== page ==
DEVON'S (N. Devoniensis). Red. Best night-blooming water lily of its colour. Petals ovate 4 to 5 inches long. Not so expanded as O'Mara's. Very free blooming. Produces a number of lateral crowns. A single plant may cover two hundred square feet.

GLADSTONE'S (N. Gladstoniana). White. Hardy, day bloomer. Scentless; 8 inches in diameter. Petals forming a glistening sphere from early morning till 3 P.M. Enduring four days. Not very free flowering, but quite hardy and strong growing. Must have three or four shoots for continuous bloom. 1 to 2 feet of water.

GRACILIS (N. flavo-virens). The N. gracilis of the American trade, but differing from the plant of that name in the European trade. Dull white, star-shaped; narrow pointed petals. Sepals pure green. Sweetly scented, opening three successive days from early morning till six at night. 1 foot above the water. Easily raised by seeds or tubers. The commonest and best tender white day bloomer.

HUSTER'S (N. George Huster). Best very dark red night-blooming. Tender. Deeper flower than the Devon lily; 8 to 10 inches across. Otherwise like O'Mara's. Strong growing. Free bloomer.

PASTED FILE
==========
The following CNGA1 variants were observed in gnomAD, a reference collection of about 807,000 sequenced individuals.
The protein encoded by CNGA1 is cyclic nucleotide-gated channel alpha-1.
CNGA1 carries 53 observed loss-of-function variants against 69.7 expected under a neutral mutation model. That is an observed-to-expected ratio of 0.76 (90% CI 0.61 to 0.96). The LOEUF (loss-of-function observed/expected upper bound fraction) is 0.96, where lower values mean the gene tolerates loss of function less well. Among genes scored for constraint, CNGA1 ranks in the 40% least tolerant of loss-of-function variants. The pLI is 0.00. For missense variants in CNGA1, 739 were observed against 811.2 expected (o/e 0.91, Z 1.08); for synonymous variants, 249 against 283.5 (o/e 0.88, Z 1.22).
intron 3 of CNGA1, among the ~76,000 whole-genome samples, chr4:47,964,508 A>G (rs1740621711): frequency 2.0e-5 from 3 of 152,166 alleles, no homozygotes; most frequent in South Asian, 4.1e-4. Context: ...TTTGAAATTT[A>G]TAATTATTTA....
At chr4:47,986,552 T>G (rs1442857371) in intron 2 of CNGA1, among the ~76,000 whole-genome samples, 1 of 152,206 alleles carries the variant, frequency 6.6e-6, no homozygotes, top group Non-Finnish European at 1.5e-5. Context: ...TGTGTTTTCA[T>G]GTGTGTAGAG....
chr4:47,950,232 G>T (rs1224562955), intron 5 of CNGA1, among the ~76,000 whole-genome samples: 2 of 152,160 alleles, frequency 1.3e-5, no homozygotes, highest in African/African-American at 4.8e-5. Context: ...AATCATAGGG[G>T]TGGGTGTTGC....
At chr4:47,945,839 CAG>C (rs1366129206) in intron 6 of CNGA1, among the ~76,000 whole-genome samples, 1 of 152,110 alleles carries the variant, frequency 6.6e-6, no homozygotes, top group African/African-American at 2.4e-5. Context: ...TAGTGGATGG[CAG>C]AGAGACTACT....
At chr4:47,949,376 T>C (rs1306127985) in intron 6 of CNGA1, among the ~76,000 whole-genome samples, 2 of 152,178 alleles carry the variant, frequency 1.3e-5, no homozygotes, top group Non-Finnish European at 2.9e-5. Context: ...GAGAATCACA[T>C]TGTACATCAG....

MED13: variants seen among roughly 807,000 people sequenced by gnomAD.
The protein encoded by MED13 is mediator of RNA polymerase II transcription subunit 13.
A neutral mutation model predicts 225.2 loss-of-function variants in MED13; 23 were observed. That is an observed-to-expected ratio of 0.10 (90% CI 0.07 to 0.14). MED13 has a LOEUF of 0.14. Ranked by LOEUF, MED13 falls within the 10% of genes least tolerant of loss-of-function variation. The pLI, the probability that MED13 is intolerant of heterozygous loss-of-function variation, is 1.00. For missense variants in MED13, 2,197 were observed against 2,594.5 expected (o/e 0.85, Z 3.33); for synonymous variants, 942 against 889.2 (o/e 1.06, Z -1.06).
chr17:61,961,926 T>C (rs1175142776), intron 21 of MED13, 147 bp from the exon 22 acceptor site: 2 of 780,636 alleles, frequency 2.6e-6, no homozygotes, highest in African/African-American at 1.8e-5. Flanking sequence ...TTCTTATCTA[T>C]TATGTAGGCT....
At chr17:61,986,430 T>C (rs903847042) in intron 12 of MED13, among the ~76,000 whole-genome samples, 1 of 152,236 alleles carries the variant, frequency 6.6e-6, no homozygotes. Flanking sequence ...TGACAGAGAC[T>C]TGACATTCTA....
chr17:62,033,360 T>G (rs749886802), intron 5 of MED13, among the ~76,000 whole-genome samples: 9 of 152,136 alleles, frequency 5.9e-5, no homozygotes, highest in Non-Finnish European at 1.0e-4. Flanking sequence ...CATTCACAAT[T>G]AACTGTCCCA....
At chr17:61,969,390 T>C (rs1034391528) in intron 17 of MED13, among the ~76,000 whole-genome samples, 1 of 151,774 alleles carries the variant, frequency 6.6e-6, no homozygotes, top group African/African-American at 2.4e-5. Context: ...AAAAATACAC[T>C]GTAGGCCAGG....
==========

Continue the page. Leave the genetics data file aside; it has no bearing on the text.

LAYDEKER'S (N. Laydekeri varieties). For small spaces, 2 to 4 feet square, and for very shallow water. (var. fulgens). Magenta. (var. lilacea). Rosy lilac. (var. purpurea). Purplish. opening after nine o'clock. (var. rosea). Pink; most floriferous small pink. None of this class produces seed.

MARLIAC LILIES (N. Marliacea varieties). (var. albida). White, similar to Gladstone's lily; rank growing. Leaves and flowers often carried above the water. (var. carnea). Light pearly pink and var. rosea, deep rose, are both of identical habit. (var. ignea). Flowers deep red with cardinal stamens, floating, leaves blotched brown, deepest coloured hardy red. (var. chromatella). Most floriferous yellow, hardy, very double; early flowering. All these are good for small water gardens. Chromatella is the hardiest and most satisfactory of all the hardy lilies. June till frost. Leaves and flowers grow above water if crowded. Also good for cut flowers.

O'MARA'S (N. Omarana). Brilliant purple red. Glowing in the sunshine. Narrow white stripe in each petal. Flowers 1 foot across. Stamens brownish red. Blooms July till frost. Leaves bronzy red. The most splendid night-blooming water lily. Flowers 1 foot above the surface. Good for cutting.

PINK PIGMY (N. Laydekeri, var. rosea). Pink. Similar to Chinese white pigmy in size, habit, and leaf. Free flowering. More cup shaped. Colour deepens with age from shell pink to carmine rose. Very shallow water.